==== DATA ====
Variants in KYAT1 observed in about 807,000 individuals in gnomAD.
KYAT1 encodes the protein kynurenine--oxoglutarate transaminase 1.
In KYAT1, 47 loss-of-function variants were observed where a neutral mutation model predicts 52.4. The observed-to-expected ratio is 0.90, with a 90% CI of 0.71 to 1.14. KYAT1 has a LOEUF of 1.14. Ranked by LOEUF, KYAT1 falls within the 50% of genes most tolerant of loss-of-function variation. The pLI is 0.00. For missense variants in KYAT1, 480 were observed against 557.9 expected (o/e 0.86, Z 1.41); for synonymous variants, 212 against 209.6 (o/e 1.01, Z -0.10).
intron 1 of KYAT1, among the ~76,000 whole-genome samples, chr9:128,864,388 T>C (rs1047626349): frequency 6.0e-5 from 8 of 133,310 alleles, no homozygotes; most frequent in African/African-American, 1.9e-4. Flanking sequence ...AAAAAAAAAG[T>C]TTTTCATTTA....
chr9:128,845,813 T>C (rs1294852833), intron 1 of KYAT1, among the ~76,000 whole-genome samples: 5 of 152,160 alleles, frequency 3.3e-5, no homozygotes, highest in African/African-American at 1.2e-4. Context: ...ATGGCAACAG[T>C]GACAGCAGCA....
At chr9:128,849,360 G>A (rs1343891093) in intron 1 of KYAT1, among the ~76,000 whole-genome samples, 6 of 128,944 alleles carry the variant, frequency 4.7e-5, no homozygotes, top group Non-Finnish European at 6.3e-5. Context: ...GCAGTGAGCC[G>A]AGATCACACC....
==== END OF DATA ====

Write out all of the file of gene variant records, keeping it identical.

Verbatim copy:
Variants in KYAT1 observed in about 807,000 individuals in gnomAD.
KYAT1 encodes the protein kynurenine--oxoglutarate transaminase 1.
In KYAT1, 47 loss-of-function variants were observed where a neutral mutation model predicts 52.4. The observed-to-expected ratio is 0.90, with a 90% CI of 0.71 to 1.14. KYAT1 has a LOEUF of 1.14. Ranked by LOEUF, KYAT1 falls within the 50% of genes most tolerant of loss-of-function variation. The pLI is 0.00. For missense variants in KYAT1, 480 were observed against 557.9 expected (o/e 0.86, Z 1.41); for synonymous variants, 212 against 209.6 (o/e 1.01, Z -0.10).
intron 1 of KYAT1, among the ~76,000 whole-genome samples, chr9:128,864,388 T>C (rs1047626349): frequency 6.0e-5 from 8 of 133,310 alleles, no homozygotes; most frequent in African/African-American, 1.9e-4. Flanking sequence ...AAAAAAAAAG[T>C]TTTTCATTTA....
chr9:128,845,813 T>C (rs1294852833), intron 1 of KYAT1, among the ~76,000 whole-genome samples: 5 of 152,160 alleles, frequency 3.3e-5, no homozygotes, highest in African/African-American at 1.2e-4. Context: ...ATGGCAACAG[T>C]GACAGCAGCA....
At chr9:128,849,360 G>A (rs1343891093) in intron 1 of KYAT1, among the ~76,000 whole-genome samples, 6 of 128,944 alleles carry the variant, frequency 4.7e-5, no homozygotes, top group Non-Finnish European at 6.3e-5. Context: ...GCAGTGAGCC[G>A]AGATCACACC....